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Posttraumatic Stress Disorder: What is it, and how is PTSD treated?

As the name implies, Posttraumatic Stress Disorder can develop post, or following, exposure to a traumatic event. The traumatic event can include war-related experiences, motor vehicle accidents, physical or sexual assault, physical or sexual abuse, armed holdups, threatened violence, traumatic childbirths, through psychotic episodes, or through witnessing others experience violence or trauma. This list is far from exhaustive and PTSD can develop through myriad other pathways. Often during violent or traumatic events people can fully expect that they are going to die, that their life is over, or that someone close to them will die. This is a hallmark of PTSD. Unreservedly expecting that you are going to die, naturally elicits intense anxiety, fear and distress. 


Most people will be exposed to some form or trauma throughout their life. Most people will also not go on to develop PTSD. Around 5-10% of people will develop PTSD within their lifetime. The days and weeks following exposure to trauma can be challenging, upsetting, and distressing, but this is not necessarily indicative of PTSD, but rather a natural and normal response to highly challenging and scary life events. Other people, however, will go on to develop further PTSD symptoms, and perhaps full Posttraumatic Stress Disorder. These PTSD symptoms can become intrusive, chronic and can come to affect one's ability to live on a day-to-day basis.


Scroll down to skip to psychological treatment approaches for PTSD.


What is Posttraumatic Stress Disorder: What does it look like?


There are several core types of symptoms that develop in PTSD, as follows:


Reexperiencing - Following a traumatic event, sufferers of PTSD may experience intrusive and recurrent thoughts, images, or memories of the event. This may include flashbacks, whereby an environmental trigger (e.g. someone who looks like the perpetrator of the violence, or a sight, sound or smell that is associated with the traumatic event) can leave someone feeling as though the traumatic event is happening all over again, resulting in severe anxiety. Sufferers can also often experience nightmares where the traumatic event is replayed during sleeping hours. Thus, in effect, the PTSD sufferer experiences the trauma again and again. 


Avoidance - A typical, and understandable, reaction to trauma is to avoid all reminders of the traumatic event. This may include people or places associated with the traumatic incident, but also includes avoidance of talking or thinking about the traumatic incident. People tend to avoid these reminders because of the intense anxiety that they evoke, and so it makes sense that sufferers would want to avoid these triggers. However, chronic avoidance can lead to further problems whereby life can become more and more restricted. 


Arousal or Anxiety - Sufferers of PTSD tend to experience heightened general anxiety or arousal. Their baseline levels of arousal increase, and daily stressors, that they may have previously managed quite well, can become overwhelming and can lead to severe anxiety. Sufferers can become easily flustered and may become easily irritated with close others. Managing the regular demands of daily life can become difficult.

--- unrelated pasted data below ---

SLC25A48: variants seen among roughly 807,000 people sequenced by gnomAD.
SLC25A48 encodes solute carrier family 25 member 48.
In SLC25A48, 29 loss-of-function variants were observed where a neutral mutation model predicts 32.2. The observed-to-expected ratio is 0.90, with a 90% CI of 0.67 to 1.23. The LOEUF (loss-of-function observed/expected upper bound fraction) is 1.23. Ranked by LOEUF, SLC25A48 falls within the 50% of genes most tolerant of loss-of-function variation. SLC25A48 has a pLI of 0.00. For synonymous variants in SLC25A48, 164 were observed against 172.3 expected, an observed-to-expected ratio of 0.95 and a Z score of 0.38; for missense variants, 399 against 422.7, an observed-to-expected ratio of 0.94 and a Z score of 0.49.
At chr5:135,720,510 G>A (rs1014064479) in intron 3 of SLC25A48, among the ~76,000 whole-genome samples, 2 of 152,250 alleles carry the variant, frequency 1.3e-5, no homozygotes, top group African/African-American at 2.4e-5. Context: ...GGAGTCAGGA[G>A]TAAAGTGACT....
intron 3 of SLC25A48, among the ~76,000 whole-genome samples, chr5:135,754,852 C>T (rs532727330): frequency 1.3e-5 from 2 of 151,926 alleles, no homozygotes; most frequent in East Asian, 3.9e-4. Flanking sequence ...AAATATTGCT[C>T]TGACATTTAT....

Hypervigilance and Exaggerated Startle Response - Sufferers of posttraumatic stress often become hyper-aware of the threat of further trauma or acts of violence. If a person was involved in a motor vehicle accident that led to the development of PTSD, they may become aware of all erratic drivers on the road, all cars that are driving too fast, and may be aware of any car that seems to come too close to their own car. This is called hypervigilance and its our way of fending off the threat of any further trauma (we may believe, "If I'm very watchful, I'll be able to avoid trauma in the future"). PTSD sufferers can also experience an exaggerated startle response, whereby previously benign incidents (e.g. someone shouting or a loud unexpected noise) can lead to high anxiety and the activation of the fight or flight response. 


Other Aspects of Posttraumatic Stress Disorder - Those experiencing PTSD can also struggle with close relationships, anger, feeling numb and disconnected from others, changes in beliefs about the self (e.g. I'm helpless and vulnerable), others (e.g. others are dangerous and no one can be trusted) and the world (e.g. the world is completely unsafe and dangerous). 


The symptoms of PTSD are complex, multifaceted, and unique to each individual. The good news is that effective and well researched psychological treatments are available. 


Psychological Treatments for Posttraumatic Stress Disorder.  


A range of psychological treatments for PTSD have been researched, evaluated, and have been shown to be highly effective in the treatment of PTSD. Below are some of the most widely used and researched treatment approaches. 


Trauma-focussed Cognitive Behavioural Therapy - Perhaps the most widely researched and utilised treatment for PTSD, is trauma-focussed CBT. There are many components to trauma-focussed CBT, but the most central two components are exposure therapy and cognitive restructuring.